Ornamental Fisheries
 

The Goldfish

The common goldfish is remarkably hardy, and it is the most commonly kept pet animal in the world. It ahs been kept as an ornamental fish for centuries, and graced the garden pools & aquariums of kings and emperors for a thousand years.

The goldfish is renowned for its spectacular red-gold colour, can grow to about 20cm in length, and live upto 10 years or more.

The body is protected by rows of overlapping scales that never increase in number, but increase in size as the fish grows. The circuli, or rings of growth, are well-spaced in summer when growth is rapid, but are laid down close together in winter and at other times of poor growth. The tightly-bunched circuli of winter tend to show up as distinct bands, or annuli, and it is these that indicate the years of a fish's life to a trained scale reader.

 

Barbs

Scientifically knows as Tetrazone, the tiger barb has clear cut markings, golden sheened body, slightly arched, all suggest clear waters, warm temperatures, nimble movements rather than long swims, bright light, and some definite plant shading.

 

 

Siamese Fighting Fish

This fish can safely be kept in a community tank, although not with another male of their own species, and also, not usually with a female lest they start protecting (or hating) her and causing trouble all round.

In gorgeous color sheens; pure or mixed, with red, blue, green and albino predominating; but by no means being exhaustive. Growing to a sturdy 3 in., these dominating males are short-lived, thirty months or les, and ride roughshod over their terrified females who are shorter finned, paler, smaller, and no match whatsoever for their vigorous partners.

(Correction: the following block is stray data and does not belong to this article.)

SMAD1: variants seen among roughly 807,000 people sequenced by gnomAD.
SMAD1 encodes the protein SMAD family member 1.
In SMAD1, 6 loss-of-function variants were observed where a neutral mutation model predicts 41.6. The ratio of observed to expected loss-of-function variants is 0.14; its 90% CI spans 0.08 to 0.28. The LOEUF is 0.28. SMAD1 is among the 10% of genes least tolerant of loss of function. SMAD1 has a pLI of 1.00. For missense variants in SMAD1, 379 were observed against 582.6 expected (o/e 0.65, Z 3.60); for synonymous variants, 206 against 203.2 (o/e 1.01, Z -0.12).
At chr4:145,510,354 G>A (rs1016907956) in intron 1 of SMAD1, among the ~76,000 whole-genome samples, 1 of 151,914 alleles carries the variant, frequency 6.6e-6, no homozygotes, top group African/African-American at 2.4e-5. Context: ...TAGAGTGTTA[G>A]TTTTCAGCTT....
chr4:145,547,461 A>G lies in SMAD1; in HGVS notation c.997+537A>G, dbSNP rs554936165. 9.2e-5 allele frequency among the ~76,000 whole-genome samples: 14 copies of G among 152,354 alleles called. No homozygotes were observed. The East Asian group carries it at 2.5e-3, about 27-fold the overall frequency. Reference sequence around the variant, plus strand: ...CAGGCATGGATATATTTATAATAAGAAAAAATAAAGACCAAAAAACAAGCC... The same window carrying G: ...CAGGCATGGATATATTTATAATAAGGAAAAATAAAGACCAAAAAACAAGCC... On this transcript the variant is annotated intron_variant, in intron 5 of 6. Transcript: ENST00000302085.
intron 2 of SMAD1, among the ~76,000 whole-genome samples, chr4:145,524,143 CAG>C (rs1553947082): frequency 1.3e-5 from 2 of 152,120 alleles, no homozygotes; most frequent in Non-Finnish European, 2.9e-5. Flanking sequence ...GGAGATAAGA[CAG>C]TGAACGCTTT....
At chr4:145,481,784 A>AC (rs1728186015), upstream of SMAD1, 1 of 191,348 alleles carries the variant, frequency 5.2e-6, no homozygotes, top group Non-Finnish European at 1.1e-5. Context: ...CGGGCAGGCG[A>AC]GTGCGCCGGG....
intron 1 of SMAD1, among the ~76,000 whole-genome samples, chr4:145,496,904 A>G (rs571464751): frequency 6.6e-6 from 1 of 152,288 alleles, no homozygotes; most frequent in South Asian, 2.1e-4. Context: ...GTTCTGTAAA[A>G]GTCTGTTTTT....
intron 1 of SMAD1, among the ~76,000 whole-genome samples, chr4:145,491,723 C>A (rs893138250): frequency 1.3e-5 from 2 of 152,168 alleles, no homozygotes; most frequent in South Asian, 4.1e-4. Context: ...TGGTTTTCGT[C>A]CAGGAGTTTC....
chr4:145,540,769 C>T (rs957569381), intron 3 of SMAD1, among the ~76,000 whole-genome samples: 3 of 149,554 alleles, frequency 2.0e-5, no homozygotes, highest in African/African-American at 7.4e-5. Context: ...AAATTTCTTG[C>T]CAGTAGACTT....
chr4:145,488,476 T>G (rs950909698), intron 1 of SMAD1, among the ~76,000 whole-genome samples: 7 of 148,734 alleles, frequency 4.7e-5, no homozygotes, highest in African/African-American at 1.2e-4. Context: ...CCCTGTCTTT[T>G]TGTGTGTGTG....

Black Widow

A good old oldie that every aquarist seems to have kept since the early part of this century. Its clear, neatly defined, contrasting black markings on a silver green sheened body, its bright, red rimmed eyes, all show its need for clear waters, well lit, with strongly growing foliage interspersed with open spaces.

Its size is around 21/2 inch.

 

The Neon Tetra:

They came from more or less same types of rivulets as the Cardinals. They are hardy, peaceful, and beautiful; looking best in shoals of six or more, viewed by side lighting obliquely across a dark base.

 

Platies, Swordtails, Mollies

This is salt loving fish (1 tea spoon every 20 lts.) . One of the most loved of the live bearers; tough, pretty and adaptable they will spawn anywhere laying not eggs but giving birth direct to fully formed baby fish, anything upto several dozens at a time.

 

Swordtails

Fantastically beautiful fish, especially the males with their long trailing elongation of the lower part of the tail fin, earning the name of Swordtail.

 

Zebra

21/2" Another firm favourite right from the very early days. Graceful torpedo body, balanced and slim, nicely finned; obviously a very fast swimmer, with great manoeuvrablity and energy. Add the beautifully clear cut longitundinal stripes, entirely free of smudge, and sheening body-obviously we have a fish that loves open clean bright waters, free flowing if possible, with ample room to swim and play.

 

The Guppy

From the age of about three months the males develop increasingly brilliant colours coupled with a lengthening of the fins, the tail can be longer and deepar than the body. Unfortunatly, they are rather small and slow, and will often be attacked by bullies in a community aquarium, and so will rarely show themselves to best advantage.

 

The Platy

This has to be one of the finest community fish, peaceful and lively, and available in the widest variety of colours and markings. It is also one of the best subjects for breedings, though now-a-days the young will rarely match the appearance of either parent. The most common varieties have a red or yellow body colour, sometimes with solid black fins, and often with an assortment of dots all over the body.

 

Gold Fish - Lionhead (Oranda)

The Oranda, or so-called Dutch Lionhea, is one of the largest forms of this variey. It reaches a length of 30 cm, with the length of the tail equalling that of the head and body combined. All the fins are long. The Dutch Lionhead was apparently brought from China to Japan (Nagasaki) by Dutch merchants in the 17th century and bred further in that country.

More Ornamental Fisheries>>


 
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